#53 Who Needs Performance Measurement Skills In Your Organisation?September 6, 2010 by Stacey Barr
It’s obvious to most people why people who work in the strategy office, or even in quality or process improvement roles, need to have some degree of performance measurement skill. But that’s not sufficient if your goal is to have a consistent approach to selecting performance measures throughout the organisation that keep everyone focused on what really matters in achieving the organisation’s strategy.
Most organisations do quite a few performance measurement activities poorly, without even knowing. They look for measures before they’re clear enough about the performance results worth measuring. They brainstorm measures or just measure the easy stuff. They use silly dashboard dials and gauges instead of meaningful time series displays. They knee-jerk react when this month’s performance differs to last month.
And outsourcing performance measurement isn’t the solution, because you’ll never (and I mean NEVER) get people to have ownership and buy-in and deep understanding of what really matters to the performance of the organisation.
The performance measurement skills that are needed are not part of the typical management and workplace training on offer, so it’s not safe to assume people already know what they’re doing when it comes to measuring.
So… Who needs performance measurement skills, what skills exactly, and why?
Executives need skills in making strategy measurable, designing meaningful measures, interpreting those measures validly and using them to drive strategy achievement. Executives aren’t going to be involved in data collection and reporting, so they can do without these skills.
Managers need those same skills, but also an appreciation of what it takes to bring performance measures to life – the data collection and reporting – is useful.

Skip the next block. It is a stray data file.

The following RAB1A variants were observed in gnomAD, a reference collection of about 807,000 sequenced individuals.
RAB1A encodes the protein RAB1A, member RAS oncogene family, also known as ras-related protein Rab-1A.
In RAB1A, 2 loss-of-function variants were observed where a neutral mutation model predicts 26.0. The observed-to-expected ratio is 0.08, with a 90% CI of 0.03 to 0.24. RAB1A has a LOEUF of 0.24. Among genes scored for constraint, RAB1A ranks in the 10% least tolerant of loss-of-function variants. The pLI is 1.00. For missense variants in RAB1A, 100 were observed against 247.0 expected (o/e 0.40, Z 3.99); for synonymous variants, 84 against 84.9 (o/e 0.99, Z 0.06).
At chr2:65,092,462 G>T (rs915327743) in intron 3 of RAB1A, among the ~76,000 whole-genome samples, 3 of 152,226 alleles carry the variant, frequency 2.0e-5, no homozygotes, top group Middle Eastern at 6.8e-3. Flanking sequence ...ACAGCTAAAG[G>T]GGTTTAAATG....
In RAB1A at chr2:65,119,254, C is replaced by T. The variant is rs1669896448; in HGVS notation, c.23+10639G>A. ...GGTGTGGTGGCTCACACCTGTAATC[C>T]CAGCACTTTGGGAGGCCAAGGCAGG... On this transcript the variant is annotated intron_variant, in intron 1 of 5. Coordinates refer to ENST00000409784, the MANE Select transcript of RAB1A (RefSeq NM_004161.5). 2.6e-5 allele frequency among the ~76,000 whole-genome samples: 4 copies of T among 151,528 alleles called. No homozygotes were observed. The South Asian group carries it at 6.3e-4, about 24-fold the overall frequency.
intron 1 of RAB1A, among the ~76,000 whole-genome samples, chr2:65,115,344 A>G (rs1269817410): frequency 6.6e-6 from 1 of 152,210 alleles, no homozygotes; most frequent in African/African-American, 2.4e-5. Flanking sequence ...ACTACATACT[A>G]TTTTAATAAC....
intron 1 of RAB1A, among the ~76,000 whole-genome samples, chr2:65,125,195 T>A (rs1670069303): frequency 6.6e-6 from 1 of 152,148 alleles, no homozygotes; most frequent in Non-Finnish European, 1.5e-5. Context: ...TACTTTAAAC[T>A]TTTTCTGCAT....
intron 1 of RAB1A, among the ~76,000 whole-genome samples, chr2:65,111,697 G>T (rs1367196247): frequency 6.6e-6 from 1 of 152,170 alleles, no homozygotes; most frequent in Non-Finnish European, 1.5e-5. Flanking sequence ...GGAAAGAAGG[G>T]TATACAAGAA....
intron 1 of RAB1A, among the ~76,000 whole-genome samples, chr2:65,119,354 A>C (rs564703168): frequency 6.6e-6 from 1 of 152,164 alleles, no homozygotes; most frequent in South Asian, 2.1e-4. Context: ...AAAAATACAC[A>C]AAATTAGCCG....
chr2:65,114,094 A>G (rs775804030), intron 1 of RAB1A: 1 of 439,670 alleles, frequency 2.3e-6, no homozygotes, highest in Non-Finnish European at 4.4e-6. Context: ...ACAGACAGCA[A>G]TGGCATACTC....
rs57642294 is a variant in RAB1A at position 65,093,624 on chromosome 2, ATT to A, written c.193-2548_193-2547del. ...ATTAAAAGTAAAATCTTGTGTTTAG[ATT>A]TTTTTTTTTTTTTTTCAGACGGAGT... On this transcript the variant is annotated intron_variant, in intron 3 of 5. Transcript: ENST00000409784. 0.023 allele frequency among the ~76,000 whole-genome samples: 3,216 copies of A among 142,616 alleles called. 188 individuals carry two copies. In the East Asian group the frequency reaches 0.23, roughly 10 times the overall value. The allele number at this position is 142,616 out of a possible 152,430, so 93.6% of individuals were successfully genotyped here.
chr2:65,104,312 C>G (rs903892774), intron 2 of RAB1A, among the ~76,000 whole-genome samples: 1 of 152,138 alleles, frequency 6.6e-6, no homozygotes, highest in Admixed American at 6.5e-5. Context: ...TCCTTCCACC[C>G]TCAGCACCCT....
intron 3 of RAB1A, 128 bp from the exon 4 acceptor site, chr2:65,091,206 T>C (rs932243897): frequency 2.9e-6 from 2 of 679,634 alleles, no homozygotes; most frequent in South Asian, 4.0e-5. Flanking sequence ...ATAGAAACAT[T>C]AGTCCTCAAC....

Strategic Planning Officers and Performance Measurement Officers need skills in all the steps of the performance measurement process: making strategy measurable, designing meaningful measures, defining and implementing the measures, designing good performance reports and dashboards (not necessarily building them!), interpreting those measures validly and using measures to improve performance. And they need to have quite advanced skills because they’ll often be facilitating teams throughout the organisation to do each of these steps.
Business Analysts usually have fairly good quantitative skills, but they need to understand the organisation’s chosen performance measurement methodology because often they’re very much involved in the data collection, analysis and reporting of performance measures. It’s important that they have skills in clearly defining and implementing measures, and presenting them to support valid interpretation.
Quality or Process Improvement Officers will no doubt have learned more about performance measurement than most people, because of the nature of their training which is heavily measurement based. But they need to understand the organisation’s chosen performance measurement methodology and how to apply it in their work of measuring and improving the operational processes throughout the organisation.
Business Intelligence Officers absolutely need to have skills in performance measurement, but the emphasis for them as the developers of performance reports and dashboards, is on displaying measures in a way that encourages valid interpretation. They’ll benefit from a basic awareness of the overall performance measurement process, too. It’s so much easier to appreciate what you’re doing when you know the bigger picture.
Everyone else needs performance measurement skills too, but these will be at a more basic awareness level. They need to understand the organisation’s chosen performance measurement methodology, and how to use performance measures to keep monitoring and improving the results of their work and the impact on the organisation’s strategy. Some staff will be involved in data collection and reporting, and should therefore have specific skills in sampling, form design, data collection process design, and report design too.
Who needs better performance measurement skills in YOUR organisation? Which approaches to get these skills do you think will suit them best? One option to consider is your own in-house, tailored Performance Measure Blueprint Workshop, which will give your colleagues a great opportunity to learn a consistent performance measurement approach, and start using it immediately to develop more meaningful measures in support of your organisation’s strategic direction.
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